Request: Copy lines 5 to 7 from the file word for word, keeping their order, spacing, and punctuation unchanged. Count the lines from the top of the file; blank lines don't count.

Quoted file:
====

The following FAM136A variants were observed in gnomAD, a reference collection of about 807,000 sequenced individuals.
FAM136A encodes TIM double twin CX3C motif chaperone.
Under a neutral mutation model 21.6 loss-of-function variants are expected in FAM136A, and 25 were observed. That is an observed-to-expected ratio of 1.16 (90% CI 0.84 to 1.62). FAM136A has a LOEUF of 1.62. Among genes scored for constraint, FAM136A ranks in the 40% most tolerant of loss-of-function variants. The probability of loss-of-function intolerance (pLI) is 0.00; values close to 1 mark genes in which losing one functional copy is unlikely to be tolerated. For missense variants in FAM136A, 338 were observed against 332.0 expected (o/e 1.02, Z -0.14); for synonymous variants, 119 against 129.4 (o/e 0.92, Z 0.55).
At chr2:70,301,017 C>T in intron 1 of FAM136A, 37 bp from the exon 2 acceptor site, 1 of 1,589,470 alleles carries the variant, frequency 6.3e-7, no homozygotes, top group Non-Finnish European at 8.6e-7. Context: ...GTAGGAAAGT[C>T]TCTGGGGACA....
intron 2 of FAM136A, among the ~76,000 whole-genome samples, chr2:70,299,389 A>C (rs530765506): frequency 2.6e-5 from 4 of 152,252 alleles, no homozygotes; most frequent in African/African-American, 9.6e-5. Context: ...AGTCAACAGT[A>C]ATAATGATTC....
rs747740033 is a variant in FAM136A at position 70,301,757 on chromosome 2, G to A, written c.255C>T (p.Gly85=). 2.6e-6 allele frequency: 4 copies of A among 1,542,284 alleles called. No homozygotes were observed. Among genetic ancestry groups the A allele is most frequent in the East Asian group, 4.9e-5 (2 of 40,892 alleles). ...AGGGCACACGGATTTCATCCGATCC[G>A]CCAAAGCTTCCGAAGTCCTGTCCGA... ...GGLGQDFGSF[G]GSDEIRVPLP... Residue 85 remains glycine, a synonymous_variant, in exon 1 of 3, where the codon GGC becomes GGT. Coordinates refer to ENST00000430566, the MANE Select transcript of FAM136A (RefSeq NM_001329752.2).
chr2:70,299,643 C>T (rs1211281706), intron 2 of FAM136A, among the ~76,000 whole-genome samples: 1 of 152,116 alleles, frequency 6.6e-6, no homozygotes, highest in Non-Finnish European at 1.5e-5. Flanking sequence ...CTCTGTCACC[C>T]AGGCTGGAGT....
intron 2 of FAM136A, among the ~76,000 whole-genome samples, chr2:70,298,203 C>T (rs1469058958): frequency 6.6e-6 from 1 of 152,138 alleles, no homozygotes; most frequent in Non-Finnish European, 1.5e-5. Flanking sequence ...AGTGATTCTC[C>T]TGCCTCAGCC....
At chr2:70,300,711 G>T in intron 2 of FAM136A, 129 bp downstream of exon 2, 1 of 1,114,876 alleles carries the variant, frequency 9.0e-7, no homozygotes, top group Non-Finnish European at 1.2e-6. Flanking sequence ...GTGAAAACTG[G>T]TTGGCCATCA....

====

intron 2 of FAM136A, among the ~76,000 whole-genome samples, chr2:70,299,389 A>C (rs530765506): frequency 2.6e-5 from 4 of 152,252 alleles, no homozygotes; most frequent in African/African-American, 9.6e-5. Context: ...AGTCAACAGT[A>C]ATAATGATTC....
rs747740033 is a variant in FAM136A at position 70,301,757 on chromosome 2, G to A, written c.255C>T (p.Gly85=). 2.6e-6 allele frequency: 4 copies of A among 1,542,284 alleles called. No homozygotes were observed. Among genetic ancestry groups the A allele is most frequent in the East Asian group, 4.9e-5 (2 of 40,892 alleles). ...AGGGCACACGGATTTCATCCGATCC[G>A]CCAAAGCTTCCGAAGTCCTGTCCGA... ...GGLGQDFGSF[G]GSDEIRVPLP... Residue 85 remains glycine, a synonymous_variant, in exon 1 of 3, where the codon GGC becomes GGT. Coordinates refer to ENST00000430566, the MANE Select transcript of FAM136A (RefSeq NM_001329752.2).
chr2:70,299,643 C>T (rs1211281706), intron 2 of FAM136A, among the ~76,000 whole-genome samples: 1 of 152,116 alleles, frequency 6.6e-6, no homozygotes, highest in Non-Finnish European at 1.5e-5. Flanking sequence ...CTCTGTCACC[C>T]AGGCTGGAGT....